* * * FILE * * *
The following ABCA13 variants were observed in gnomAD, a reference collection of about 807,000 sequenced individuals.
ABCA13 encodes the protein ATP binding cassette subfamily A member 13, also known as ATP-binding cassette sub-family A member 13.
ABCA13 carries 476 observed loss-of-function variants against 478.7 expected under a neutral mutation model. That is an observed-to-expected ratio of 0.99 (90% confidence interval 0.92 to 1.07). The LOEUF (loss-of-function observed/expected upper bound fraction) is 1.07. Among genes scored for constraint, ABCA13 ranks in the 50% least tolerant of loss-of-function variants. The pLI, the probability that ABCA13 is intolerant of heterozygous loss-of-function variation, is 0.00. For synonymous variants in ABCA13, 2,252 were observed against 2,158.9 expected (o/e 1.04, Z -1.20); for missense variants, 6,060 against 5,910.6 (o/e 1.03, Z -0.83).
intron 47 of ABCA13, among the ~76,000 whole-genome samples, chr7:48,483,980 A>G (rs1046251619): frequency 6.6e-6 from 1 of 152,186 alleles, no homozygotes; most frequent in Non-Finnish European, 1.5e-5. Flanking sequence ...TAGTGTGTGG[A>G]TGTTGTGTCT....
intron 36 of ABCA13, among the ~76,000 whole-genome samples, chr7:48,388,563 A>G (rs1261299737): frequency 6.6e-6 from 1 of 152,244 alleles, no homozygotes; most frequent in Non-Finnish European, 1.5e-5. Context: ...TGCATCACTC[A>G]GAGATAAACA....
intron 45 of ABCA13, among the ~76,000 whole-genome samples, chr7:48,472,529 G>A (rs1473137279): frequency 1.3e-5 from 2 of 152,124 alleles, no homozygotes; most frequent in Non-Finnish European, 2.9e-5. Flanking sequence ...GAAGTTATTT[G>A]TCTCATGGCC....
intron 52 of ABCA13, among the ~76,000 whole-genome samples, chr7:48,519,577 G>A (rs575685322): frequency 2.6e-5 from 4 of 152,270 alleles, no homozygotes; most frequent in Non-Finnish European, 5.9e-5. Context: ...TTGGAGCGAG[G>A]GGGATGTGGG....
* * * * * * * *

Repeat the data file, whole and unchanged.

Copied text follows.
The following ABCA13 variants were observed in gnomAD, a reference collection of about 807,000 sequenced individuals.
ABCA13 encodes the protein ATP binding cassette subfamily A member 13, also known as ATP-binding cassette sub-family A member 13.
ABCA13 carries 476 observed loss-of-function variants against 478.7 expected under a neutral mutation model. That is an observed-to-expected ratio of 0.99 (90% confidence interval 0.92 to 1.07). The LOEUF (loss-of-function observed/expected upper bound fraction) is 1.07. Among genes scored for constraint, ABCA13 ranks in the 50% least tolerant of loss-of-function variants. The pLI, the probability that ABCA13 is intolerant of heterozygous loss-of-function variation, is 0.00. For synonymous variants in ABCA13, 2,252 were observed against 2,158.9 expected (o/e 1.04, Z -1.20); for missense variants, 6,060 against 5,910.6 (o/e 1.03, Z -0.83).
intron 47 of ABCA13, among the ~76,000 whole-genome samples, chr7:48,483,980 A>G (rs1046251619): frequency 6.6e-6 from 1 of 152,186 alleles, no homozygotes; most frequent in Non-Finnish European, 1.5e-5. Flanking sequence ...TAGTGTGTGG[A>G]TGTTGTGTCT....
intron 36 of ABCA13, among the ~76,000 whole-genome samples, chr7:48,388,563 A>G (rs1261299737): frequency 6.6e-6 from 1 of 152,244 alleles, no homozygotes; most frequent in Non-Finnish European, 1.5e-5. Context: ...TGCATCACTC[A>G]GAGATAAACA....
intron 45 of ABCA13, among the ~76,000 whole-genome samples, chr7:48,472,529 G>A (rs1473137279): frequency 1.3e-5 from 2 of 152,124 alleles, no homozygotes; most frequent in Non-Finnish European, 2.9e-5. Flanking sequence ...GAAGTTATTT[G>A]TCTCATGGCC....
intron 52 of ABCA13, among the ~76,000 whole-genome samples, chr7:48,519,577 G>A (rs575685322): frequency 2.6e-5 from 4 of 152,270 alleles, no homozygotes; most frequent in Non-Finnish European, 5.9e-5. Context: ...TTGGAGCGAG[G>A]GGGATGTGGG....